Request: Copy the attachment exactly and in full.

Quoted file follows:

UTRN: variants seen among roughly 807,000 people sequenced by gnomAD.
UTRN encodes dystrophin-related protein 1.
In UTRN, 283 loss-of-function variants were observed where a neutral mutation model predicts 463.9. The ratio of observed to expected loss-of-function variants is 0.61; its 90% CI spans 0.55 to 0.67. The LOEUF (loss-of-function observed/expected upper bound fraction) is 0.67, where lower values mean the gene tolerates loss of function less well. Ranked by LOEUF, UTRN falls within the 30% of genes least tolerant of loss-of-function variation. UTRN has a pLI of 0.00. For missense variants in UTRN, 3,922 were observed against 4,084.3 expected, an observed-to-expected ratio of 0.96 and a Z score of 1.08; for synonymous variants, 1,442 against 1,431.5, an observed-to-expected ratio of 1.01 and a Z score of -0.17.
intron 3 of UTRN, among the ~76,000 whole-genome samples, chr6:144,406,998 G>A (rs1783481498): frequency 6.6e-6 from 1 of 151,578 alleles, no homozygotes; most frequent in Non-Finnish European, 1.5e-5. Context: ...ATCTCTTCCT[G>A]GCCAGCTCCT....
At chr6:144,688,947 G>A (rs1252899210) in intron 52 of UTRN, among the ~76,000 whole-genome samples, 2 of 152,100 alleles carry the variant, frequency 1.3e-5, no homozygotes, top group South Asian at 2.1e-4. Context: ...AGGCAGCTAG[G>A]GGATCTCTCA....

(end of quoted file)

UTRN: variants seen among roughly 807,000 people sequenced by gnomAD.
UTRN encodes dystrophin-related protein 1.
In UTRN, 283 loss-of-function variants were observed where a neutral mutation model predicts 463.9. The ratio of observed to expected loss-of-function variants is 0.61; its 90% CI spans 0.55 to 0.67. The LOEUF (loss-of-function observed/expected upper bound fraction) is 0.67, where lower values mean the gene tolerates loss of function less well. Ranked by LOEUF, UTRN falls within the 30% of genes least tolerant of loss-of-function variation. UTRN has a pLI of 0.00. For missense variants in UTRN, 3,922 were observed against 4,084.3 expected, an observed-to-expected ratio of 0.96 and a Z score of 1.08; for synonymous variants, 1,442 against 1,431.5, an observed-to-expected ratio of 1.01 and a Z score of -0.17.
intron 3 of UTRN, among the ~76,000 whole-genome samples, chr6:144,406,998 G>A (rs1783481498): frequency 6.6e-6 from 1 of 151,578 alleles, no homozygotes; most frequent in Non-Finnish European, 1.5e-5. Context: ...ATCTCTTCCT[G>A]GCCAGCTCCT....
At chr6:144,688,947 G>A (rs1252899210) in intron 52 of UTRN, among the ~76,000 whole-genome samples, 2 of 152,100 alleles carry the variant, frequency 1.3e-5, no homozygotes, top group South Asian at 2.1e-4. Context: ...AGGCAGCTAG[G>A]GGATCTCTCA....